Clearly the two were chance witnesses and have not been able to explain the circumstances which brought them to the place of incident at 6.30 a.m. PW 30 Kishore deposed that he had seen the incident alongwith PW 33 Dhanaji Tukaram Mane from a distance of about 50 feet while he was one kilometer away from village Veeravade on the Pakani Veeravade road.

Concededly all the accused, the deceased and the two eye witnesses belonged to village Veeravade and were thus co- villagers known to each other. The conduct of this witness is truly amazing. As per his evidence he reached Veeravada about half an hour after the incident but he did not inform anybody as to what had transpired till the 18th or 19th January 1997 when his statement under Section 161 of the Cr.P.C. was recorded by the Police. He further stated in his cross examination that he had gone to the police voluntarily and had not been summoned. The statement of PW 33 is even more unreliable. He admitted that he was the first cousin of the deceased and that after witnessing the murder had gone on to village Akola to meet his sister and had returned to Veeravade after several days. He also admitted in his cross- examination that the house of the deceased was only 150 feet away from his house and that he had not informed anybody about the murder till the 19th of January 1997 on which he was confronted with his statement under Section 161 of the Cr.P.C. wherein he had stated that he had returned to village Veeravade on the day after the incident. We find it absolutely impossible to accept that this witness could have gone to village Akola after having been a witness to the brutal murder of his cousin and had not even informed anyone from the family of the deceased living only 150 feet away about the incident till 19.1.1997.

It is true, as has been contended by Mr. Hegde, that some allowance must be made for the fact that the incident had spilt over to two States or that the two witnesses had been so overtaken by fear on account of the two warring political groups in the village. We find, however that PW 30 gave no explanation as to why he had kept quiet for almost six days whereas PW 33 did, in a stray sentence, depose that he had been scared to talk to anyone about the murder. To our mind, this explanation is unacceptable as this witness had tried to hide the fact that he had returned to village Veeravade from village Akola the day after the incident, and being the first cousin of the deceased, and living only 100 feet away from the latter's house, still did not inform the family or anybody in the village about the murder for a period of six days. This bespeaks of absolutely unnatural conduct.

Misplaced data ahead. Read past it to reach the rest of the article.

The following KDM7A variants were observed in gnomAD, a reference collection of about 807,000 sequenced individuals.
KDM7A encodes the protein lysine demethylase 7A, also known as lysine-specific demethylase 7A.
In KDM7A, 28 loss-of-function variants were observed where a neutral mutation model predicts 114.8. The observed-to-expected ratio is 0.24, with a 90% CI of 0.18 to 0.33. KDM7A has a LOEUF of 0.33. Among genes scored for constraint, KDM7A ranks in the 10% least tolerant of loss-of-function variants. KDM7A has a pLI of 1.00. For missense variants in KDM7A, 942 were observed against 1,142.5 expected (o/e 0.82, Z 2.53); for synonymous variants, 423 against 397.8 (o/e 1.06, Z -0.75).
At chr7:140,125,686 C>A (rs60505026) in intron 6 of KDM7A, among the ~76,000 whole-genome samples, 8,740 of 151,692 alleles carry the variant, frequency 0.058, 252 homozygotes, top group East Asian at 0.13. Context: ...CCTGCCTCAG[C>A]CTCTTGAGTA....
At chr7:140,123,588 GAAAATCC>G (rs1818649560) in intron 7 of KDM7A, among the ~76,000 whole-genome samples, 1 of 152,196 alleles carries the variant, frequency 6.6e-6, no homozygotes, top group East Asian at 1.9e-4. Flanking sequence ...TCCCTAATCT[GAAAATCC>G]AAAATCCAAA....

We have also considered Mr. Hegde's argument with regard to the quality of the judgment recorded by the trial court. We observe that the copy of the judgment put on record is apparently a translation from the Kannada version, and that the translation is truly abysmal and that it has taken us a great deal of time and effort to decipher it. We find that Mr. Hegde's argument the reasons which had weighed with the Trial Court for acquitting the accused have been confined to the last few pages is not quite accurate in as much that the last four pages are a summing up as the Court, has, while discussing individual pieces of evidence, ocular or circumstantial, given its comments and opinions as well.

We are, therefore, of the opinion that the interference by the High Court in the judgment of the trial court was not called for as the view taken by it was justified on the evidence. We thus have no option but to allow the appeal and acquit the accused.